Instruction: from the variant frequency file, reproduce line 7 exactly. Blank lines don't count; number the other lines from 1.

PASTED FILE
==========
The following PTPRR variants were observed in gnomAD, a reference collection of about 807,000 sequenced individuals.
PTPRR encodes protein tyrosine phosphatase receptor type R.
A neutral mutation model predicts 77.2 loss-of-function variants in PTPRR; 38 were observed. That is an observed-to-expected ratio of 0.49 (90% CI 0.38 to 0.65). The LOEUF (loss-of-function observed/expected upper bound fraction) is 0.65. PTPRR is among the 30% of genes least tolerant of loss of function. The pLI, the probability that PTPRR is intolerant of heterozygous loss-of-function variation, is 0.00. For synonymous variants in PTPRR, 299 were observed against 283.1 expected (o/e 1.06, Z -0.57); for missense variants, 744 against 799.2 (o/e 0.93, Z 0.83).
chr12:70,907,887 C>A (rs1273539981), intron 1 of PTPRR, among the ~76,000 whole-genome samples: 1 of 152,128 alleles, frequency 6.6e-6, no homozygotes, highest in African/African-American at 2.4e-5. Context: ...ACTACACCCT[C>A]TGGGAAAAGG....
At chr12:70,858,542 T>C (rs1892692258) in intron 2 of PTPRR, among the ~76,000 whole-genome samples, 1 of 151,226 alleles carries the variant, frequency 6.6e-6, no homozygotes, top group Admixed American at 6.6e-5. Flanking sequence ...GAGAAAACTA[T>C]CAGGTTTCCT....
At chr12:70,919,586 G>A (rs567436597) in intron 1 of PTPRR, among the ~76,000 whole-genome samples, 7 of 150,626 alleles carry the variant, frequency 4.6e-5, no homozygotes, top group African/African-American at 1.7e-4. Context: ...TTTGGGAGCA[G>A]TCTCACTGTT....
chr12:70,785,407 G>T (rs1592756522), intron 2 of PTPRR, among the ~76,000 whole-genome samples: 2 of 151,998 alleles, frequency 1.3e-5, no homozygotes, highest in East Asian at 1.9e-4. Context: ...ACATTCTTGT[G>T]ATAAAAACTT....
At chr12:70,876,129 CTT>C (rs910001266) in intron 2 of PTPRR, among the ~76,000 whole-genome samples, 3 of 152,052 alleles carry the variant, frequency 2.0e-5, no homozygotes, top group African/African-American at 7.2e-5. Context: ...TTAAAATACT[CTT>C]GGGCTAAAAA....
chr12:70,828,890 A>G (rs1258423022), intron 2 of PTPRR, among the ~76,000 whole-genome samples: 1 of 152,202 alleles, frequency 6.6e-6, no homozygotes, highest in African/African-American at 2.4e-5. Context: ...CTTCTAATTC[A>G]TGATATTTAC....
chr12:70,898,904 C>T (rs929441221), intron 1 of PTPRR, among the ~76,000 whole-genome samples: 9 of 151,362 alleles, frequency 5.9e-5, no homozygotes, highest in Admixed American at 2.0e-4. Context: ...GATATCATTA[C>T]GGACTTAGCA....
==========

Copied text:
chr12:70,785,407 G>T (rs1592756522), intron 2 of PTPRR, among the ~76,000 whole-genome samples: 2 of 151,998 alleles, frequency 1.3e-5, no homozygotes, highest in East Asian at 1.9e-4. Context: ...ACATTCTTGT[G>T]ATAAAAACTT....